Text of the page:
The groundwork for the deal was laid in January when Mr. Musk began buying stock in the company. He made his holdings known in a securities filing and was offered a seat on the board. Mr. Musk initially agreed to the idea before changing his mind.
On the evening of April 13, Mr. Musk sent a text message to Mr. Taylor. Mr. Taylor is a co-chief executive of the company.
Mr. Musk told Mr. Taylor that the offer letter would be public in the morning. The exchange was included in the filing.
A bare-bones offer letter arrived from Mr. Musk the next morning. He intended to buy the company for $54.20 a share, but there were no details about his plans or financing.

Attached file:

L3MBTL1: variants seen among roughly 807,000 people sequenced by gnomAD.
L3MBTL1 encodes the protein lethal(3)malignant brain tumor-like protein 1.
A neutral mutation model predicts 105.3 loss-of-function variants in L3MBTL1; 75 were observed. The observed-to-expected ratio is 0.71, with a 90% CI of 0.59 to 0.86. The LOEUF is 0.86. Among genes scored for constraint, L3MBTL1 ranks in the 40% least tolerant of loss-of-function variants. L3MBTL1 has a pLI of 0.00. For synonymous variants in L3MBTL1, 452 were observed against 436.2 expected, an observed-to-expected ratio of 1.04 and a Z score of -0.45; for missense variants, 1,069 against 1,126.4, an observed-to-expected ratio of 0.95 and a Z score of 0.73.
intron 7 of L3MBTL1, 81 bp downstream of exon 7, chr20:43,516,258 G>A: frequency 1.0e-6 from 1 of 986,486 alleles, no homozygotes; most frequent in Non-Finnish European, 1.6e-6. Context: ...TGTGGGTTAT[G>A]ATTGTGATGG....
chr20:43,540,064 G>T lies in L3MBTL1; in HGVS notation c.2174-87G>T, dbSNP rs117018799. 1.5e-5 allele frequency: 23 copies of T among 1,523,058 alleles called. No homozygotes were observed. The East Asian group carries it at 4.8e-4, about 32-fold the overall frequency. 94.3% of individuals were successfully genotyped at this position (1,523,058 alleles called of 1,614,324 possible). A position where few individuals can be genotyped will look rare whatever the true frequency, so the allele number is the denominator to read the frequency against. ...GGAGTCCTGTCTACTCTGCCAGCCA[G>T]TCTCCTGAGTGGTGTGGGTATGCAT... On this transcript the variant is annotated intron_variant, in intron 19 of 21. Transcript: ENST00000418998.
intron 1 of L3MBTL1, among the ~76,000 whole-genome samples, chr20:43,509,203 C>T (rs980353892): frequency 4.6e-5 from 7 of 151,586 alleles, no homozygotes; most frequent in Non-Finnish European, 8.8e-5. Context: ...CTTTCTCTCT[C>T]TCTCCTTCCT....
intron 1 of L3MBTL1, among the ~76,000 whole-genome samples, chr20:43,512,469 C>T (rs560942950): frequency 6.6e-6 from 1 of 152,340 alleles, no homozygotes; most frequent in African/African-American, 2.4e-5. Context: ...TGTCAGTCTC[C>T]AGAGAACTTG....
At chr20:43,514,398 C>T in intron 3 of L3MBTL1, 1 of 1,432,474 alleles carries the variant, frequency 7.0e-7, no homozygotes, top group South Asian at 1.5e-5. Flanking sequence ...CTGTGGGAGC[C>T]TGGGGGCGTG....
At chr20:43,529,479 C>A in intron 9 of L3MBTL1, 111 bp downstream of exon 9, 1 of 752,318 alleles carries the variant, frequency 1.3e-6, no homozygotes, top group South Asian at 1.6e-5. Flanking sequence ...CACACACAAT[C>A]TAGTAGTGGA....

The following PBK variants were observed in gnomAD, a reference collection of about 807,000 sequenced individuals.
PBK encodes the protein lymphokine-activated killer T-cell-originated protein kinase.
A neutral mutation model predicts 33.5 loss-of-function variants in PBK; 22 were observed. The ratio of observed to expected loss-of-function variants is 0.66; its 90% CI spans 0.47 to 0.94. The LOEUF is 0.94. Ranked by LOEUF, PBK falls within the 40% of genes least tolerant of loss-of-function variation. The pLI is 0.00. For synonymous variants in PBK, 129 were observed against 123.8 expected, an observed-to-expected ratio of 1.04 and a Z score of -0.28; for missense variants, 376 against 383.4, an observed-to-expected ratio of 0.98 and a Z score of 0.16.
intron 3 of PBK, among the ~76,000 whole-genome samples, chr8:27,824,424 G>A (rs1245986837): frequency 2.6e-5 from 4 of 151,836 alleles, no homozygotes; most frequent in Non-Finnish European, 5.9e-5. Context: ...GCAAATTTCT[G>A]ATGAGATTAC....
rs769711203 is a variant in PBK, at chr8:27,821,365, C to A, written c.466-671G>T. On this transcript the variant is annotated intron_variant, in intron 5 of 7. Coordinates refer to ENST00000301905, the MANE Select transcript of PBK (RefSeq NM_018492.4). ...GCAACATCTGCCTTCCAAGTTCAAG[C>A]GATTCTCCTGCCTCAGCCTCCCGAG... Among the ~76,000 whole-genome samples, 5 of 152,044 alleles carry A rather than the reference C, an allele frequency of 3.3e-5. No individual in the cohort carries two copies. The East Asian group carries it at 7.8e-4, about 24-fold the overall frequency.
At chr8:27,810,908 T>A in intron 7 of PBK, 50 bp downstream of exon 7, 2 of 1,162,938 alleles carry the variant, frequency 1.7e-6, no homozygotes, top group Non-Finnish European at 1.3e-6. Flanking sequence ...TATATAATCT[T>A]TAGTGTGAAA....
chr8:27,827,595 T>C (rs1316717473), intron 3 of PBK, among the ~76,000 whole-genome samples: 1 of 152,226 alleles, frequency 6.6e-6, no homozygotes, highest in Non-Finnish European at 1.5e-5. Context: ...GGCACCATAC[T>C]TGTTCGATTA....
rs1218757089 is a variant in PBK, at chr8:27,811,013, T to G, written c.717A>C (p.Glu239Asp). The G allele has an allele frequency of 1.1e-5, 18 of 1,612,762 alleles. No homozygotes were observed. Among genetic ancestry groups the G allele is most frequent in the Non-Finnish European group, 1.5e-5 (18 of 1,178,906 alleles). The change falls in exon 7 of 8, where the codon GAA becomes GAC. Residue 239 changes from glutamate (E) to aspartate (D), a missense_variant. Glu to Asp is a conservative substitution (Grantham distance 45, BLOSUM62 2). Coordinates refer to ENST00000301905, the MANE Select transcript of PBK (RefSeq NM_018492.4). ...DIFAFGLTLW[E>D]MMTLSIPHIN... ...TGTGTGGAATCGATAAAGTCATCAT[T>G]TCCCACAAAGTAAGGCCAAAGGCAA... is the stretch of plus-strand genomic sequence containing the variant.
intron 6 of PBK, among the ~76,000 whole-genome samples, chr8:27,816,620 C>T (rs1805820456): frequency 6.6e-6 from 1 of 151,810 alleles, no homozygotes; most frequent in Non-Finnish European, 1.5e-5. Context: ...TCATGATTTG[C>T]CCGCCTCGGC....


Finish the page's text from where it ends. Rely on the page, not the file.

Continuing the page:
The investment bank Morgan Stanley was hired by Mr. Musk. Morgan Stanley's technology banking practice leader, Mr. Grimes, led the 2012 public stock offering of Facebook and other tech companies, while the company's vice chairman, Mr. Armstrong, was promoted recently.
The people with knowledge of the discussions said that the board did not know how to handle Mr. Musk's bid. Mr. Musk did not have a track record of buying companies and did not follow through on some deals, including one in which he said he would take his car company,Tesla, private but then did not.
The poison pill was approved by the board after Mr. Musk's bid became public. To defend itself, it turned to Goldman and JP Morgan. The law firm Simpson Thacher & Bartlett was added to the Wilson Sonsini law firm.
The company declined to comment. Goldman, Morgan Stanley and Simpson Thacher didn't have anything to say.